From Process to Promise: Business Model Choices of Complex Service Providers
44 Pages Posted: 21 Jun 2013
Date Written: June 20, 2013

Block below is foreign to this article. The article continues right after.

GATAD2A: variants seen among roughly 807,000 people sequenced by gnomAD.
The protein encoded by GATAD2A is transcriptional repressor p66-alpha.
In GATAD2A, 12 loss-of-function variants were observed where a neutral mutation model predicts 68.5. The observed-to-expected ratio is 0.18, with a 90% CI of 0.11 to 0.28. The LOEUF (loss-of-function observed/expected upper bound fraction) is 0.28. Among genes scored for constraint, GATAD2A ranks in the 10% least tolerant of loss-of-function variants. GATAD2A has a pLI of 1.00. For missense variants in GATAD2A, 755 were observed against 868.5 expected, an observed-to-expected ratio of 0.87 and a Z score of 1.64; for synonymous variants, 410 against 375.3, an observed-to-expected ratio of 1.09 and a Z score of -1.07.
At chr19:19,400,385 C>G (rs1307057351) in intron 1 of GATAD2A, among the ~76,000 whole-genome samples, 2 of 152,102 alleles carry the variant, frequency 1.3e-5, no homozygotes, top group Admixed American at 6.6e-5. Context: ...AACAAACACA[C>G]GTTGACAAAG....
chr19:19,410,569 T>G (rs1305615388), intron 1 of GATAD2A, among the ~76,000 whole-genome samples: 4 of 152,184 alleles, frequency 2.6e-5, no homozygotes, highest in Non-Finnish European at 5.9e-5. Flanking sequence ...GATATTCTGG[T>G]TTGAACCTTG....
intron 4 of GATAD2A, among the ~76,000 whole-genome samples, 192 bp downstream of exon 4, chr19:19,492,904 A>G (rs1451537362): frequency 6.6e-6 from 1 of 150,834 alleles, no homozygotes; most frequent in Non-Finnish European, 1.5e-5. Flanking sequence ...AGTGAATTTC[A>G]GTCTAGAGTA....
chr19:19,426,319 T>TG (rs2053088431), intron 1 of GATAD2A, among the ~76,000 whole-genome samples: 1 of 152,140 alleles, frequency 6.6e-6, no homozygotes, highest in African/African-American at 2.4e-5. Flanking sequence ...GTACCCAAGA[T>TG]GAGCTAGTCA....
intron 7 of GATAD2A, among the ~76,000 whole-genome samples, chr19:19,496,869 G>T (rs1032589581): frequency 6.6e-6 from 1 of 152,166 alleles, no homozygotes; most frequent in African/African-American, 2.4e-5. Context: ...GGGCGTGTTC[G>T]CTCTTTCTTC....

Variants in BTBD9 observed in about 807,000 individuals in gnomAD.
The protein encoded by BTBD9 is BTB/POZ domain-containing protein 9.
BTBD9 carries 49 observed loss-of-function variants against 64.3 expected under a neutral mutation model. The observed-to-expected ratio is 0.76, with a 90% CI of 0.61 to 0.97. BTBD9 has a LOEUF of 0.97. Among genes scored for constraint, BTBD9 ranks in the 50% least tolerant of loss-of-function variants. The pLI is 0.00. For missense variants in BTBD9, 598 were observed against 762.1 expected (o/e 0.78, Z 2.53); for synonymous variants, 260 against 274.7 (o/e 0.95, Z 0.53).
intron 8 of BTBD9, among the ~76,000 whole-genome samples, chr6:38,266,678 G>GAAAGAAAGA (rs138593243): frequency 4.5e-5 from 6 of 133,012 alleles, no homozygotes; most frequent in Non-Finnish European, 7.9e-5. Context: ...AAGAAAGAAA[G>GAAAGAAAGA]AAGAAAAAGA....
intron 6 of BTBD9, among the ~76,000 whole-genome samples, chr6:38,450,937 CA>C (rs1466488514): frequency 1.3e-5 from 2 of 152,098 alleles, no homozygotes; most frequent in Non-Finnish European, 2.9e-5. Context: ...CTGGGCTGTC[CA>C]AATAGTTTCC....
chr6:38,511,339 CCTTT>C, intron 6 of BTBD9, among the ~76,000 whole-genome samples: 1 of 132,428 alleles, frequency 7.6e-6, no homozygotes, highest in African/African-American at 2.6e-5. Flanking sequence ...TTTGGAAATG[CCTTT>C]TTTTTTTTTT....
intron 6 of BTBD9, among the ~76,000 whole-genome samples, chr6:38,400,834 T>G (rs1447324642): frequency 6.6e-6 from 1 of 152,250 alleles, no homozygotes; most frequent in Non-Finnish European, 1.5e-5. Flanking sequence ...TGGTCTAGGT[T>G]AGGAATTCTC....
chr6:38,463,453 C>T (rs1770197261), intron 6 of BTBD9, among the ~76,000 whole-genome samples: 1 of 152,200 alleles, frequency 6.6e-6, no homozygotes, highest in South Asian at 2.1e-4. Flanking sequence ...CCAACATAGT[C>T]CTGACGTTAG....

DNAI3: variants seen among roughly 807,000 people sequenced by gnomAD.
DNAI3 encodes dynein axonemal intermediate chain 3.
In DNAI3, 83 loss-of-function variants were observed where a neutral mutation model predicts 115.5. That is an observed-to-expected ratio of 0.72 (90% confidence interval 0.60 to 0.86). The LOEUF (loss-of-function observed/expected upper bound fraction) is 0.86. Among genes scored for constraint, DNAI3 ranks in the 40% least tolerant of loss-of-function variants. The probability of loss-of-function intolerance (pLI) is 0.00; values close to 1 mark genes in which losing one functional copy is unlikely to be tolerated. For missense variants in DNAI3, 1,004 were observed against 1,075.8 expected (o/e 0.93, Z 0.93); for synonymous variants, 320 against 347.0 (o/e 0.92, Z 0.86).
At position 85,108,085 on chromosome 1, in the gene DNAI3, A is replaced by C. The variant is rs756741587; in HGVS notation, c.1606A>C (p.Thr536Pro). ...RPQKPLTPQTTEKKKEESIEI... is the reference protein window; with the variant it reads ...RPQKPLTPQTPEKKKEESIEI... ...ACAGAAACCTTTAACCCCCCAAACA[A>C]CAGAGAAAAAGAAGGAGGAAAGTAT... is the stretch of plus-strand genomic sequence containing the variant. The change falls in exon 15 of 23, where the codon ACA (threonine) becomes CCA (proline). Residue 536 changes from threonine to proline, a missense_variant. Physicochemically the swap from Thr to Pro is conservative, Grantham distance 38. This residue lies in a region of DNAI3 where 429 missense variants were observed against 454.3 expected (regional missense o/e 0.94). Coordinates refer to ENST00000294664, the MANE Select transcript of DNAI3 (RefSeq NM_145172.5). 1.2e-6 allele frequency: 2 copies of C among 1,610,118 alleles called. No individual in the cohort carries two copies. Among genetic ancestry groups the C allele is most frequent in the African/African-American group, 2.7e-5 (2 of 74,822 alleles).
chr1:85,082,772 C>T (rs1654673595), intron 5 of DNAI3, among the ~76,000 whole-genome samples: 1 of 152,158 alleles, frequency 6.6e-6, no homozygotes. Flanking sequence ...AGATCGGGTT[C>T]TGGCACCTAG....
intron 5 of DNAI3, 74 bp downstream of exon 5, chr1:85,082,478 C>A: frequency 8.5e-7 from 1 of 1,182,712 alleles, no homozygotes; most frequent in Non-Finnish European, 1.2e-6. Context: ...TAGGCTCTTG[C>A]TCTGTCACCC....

While value creation and the capture of strategic choices regarding firm boundaries, such as ‘make’ versus ‘buy’ or different forms of collaboration, have been carefully studied on the individual level from one value-creating lens at a time, their interconnections and the overall ‘gestalt’ of firm transactions and activities are just starting to enter academic discourse through research on business models. Our research on the business model evolution of 12 complex service providers points to strong interconnectedness between boundary choices; all of the firms we studied engaged in the simultaneous extension of transactions on the demand/customer side and the supply/supplier-partner side. For example, a firm moved from providing one service on an ad-hoc basis to guaranteeing the outcome associated with a number of services; to deliver this outcome, it deepened relationships with suppliers and entered into new partnerships for complementary resources. Firms configured the transaction and activity nexus – the business model – to reap value on the demand side (e.g. customer’s economies of scope) as well as the supply side (e.g. resource complementarities and transaction efficiency). This value-creating spiral comes at a price though; by extending transactions on both sides, the firm extends its accountability for a (growing) solution, while loses control over its provision to the ecosystem. We argue that firms need to set their business models so as to balance this ‘accountability spread’ while maximizing enduring sources of value on the demand and supply sides.
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